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Mr Yousaf announced his resignation just 13 months after being appointed as first minister

Humza Yousaf is to stand down Scotland’s first minister once a successor is found.

He said he had made the decision after spending the weekend reflecting on what was best for the SNP, the government and the country.

Mr Yousaf said he had concluded that someone else would need to take over in order to “repair our relationship across the political divide”.

It follows the collapse of the SNP’s power-sharing deal with the Greens.

Mr Yousaf’s decision to end the agreement angered the Greens and left him struggling to secure enough support in order to lead a a minority government.

He had been facing two votes of no confidence later this week that he was not certain to win, with the Greens saying they would vote to remove him as first minister.

Speaking at his official Bute House residence in Edinburgh, Mr Yousaf admitted that he had “clearly underestimated” the hurt he had caused the Greens by ending the agreement in the manner that he did.

He said: “After spending the weekend reflecting on what is best for my party, for the government and for the country I lead, I’ve concluded that repairing our relationship across the political divide can only be done with someone else at the helm.

“I have therefore informed the SNP’s national secretary of my intention to stand down as party leader.”

His resignation comes just 13 months after Mr Yousaf won the contest to succeed Nicola Sturgeon as first minister and SNP leader.

Whoever is chosen to replace him will be the seventh person to hold the post since the Scottish Parliament was established in 1999.

Mr Yousaf said: “I cannot tell you what an honour it is being the first minister of the country I love, the country I am raising my family in and the only country I will ever call home.”

Mr Yousaf added: “As a young boy born and raised in Scotland, I could never have dreamt that one day I would have the privilege of leading my country.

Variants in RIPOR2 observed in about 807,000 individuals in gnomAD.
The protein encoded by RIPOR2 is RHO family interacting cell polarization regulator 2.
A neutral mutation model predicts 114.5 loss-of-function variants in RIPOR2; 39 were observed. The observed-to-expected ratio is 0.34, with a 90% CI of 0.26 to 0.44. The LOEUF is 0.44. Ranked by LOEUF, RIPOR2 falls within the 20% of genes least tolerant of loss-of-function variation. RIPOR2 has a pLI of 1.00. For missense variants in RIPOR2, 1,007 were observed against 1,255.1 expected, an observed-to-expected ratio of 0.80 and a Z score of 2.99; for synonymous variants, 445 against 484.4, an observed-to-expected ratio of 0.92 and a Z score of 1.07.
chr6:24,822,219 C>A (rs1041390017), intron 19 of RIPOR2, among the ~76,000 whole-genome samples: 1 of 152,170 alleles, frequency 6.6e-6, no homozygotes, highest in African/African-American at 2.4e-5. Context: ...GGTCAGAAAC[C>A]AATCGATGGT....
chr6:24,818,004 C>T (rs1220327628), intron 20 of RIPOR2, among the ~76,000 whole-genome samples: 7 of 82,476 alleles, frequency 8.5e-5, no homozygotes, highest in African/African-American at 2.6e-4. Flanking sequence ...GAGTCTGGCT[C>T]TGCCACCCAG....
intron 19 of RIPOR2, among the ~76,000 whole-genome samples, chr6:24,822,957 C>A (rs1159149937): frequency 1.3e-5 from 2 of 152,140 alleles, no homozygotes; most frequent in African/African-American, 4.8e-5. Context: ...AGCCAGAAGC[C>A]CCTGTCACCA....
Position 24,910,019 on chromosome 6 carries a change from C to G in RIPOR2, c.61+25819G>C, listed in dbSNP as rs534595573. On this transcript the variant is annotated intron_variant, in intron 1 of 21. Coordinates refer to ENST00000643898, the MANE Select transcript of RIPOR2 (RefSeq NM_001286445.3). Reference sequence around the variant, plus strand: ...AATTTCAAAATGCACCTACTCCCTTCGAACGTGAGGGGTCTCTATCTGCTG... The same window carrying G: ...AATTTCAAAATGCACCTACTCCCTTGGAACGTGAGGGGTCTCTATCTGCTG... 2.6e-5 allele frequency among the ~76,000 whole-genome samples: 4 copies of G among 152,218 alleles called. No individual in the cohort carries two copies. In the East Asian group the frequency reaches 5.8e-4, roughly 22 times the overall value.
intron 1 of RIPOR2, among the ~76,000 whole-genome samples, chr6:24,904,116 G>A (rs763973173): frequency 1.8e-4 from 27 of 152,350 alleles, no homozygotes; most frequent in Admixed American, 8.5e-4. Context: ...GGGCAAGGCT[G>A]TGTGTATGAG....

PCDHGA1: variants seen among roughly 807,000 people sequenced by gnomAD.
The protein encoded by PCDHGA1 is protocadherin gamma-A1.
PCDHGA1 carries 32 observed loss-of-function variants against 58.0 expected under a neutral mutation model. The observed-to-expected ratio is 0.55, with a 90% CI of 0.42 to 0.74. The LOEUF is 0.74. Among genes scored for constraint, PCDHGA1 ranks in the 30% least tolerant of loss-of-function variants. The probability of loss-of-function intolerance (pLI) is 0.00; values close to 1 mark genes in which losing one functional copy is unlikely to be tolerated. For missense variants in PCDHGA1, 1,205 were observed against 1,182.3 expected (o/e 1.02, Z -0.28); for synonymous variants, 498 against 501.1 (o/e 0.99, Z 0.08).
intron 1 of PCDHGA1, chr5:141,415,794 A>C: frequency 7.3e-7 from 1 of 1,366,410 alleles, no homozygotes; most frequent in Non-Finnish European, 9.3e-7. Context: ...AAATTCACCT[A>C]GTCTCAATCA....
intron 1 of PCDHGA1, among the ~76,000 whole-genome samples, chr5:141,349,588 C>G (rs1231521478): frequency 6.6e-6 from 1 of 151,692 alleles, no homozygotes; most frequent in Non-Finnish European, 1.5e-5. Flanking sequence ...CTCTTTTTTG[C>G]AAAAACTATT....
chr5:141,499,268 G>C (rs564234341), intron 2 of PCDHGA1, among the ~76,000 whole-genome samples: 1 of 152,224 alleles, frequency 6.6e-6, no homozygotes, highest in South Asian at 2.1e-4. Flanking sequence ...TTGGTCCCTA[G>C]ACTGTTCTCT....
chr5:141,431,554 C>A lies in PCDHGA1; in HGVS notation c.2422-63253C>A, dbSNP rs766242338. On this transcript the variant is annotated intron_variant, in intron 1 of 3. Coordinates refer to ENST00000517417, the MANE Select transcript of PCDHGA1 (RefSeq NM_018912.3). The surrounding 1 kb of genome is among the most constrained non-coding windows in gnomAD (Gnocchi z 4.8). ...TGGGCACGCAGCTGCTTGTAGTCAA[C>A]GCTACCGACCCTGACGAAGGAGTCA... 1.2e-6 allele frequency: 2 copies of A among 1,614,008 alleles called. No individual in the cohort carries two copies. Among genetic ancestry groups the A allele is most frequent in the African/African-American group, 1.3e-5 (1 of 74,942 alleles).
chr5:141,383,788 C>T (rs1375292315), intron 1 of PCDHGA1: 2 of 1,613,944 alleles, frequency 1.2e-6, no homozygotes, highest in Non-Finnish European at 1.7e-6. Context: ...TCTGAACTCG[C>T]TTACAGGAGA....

“People that looked like me were not in positions of political influence let alone leading governments when I was younger.

“We now live in a UK that has a British Hindu PM, a Muslim mayor of London, a black Welsh First Minister and, for a little while longer, a Scots Asian first minister of Scotland.”

Scottish Greens co-leaders Lorna Slater and Patrick Harvie were furious after Mr Humza ended the agreement that saw them given ministerial jobs in return for their support

Opposition parties in the Scottish Parliament had tabled two confidence votes – one in the first minister and another in the SNP government as as whole.

Mr Yousaf had written to the other party leaders asking them to find “common ground” ahead of the confidence votes, but was facing a battle to save his political future with his government no longer having a majority of seats in parliament.

Winning the vote could have meant reaching an agreement with Ash Regan – a former SNP MSP who defected to Alex Salmond’s Alba Party after losing to Mr Yousaf in the SNP leadership contest.

Mr Yousaf had reportedly ruled out having the SNP cut a deal with Alba, despite both parties supporting independence, ahead of this decision to quit.

Scottish Labour has previously said its motion of no confidence in the Scottish government would remain tabled even if Mr Yousaf resigns.

Its leader, Anas Sarwar, said Scotland was facing the biggest challenges since devolution but but was being government by a “dysfunctional, chaotic and divided” SNP government.

He added: “They cannot impose another unelected first minister on Scotland in a backroom deal – the people of Scotland should decide who leads our country.

“There must be an election – it’s time for change.”

The UK government’s Scottish secretary, Alister Jack, said Mr Yousaf’s resignation was the right thing for him to do, adding: “Humza Yousaf’s leadership has lurched from crisis to crisis from the very start, and he could not command the confidence of the Scottish Parliament.

“Scotland now needs a stable, functioning Scottish government focused on the issues that matter most to people – fixing public services and growing the economy.”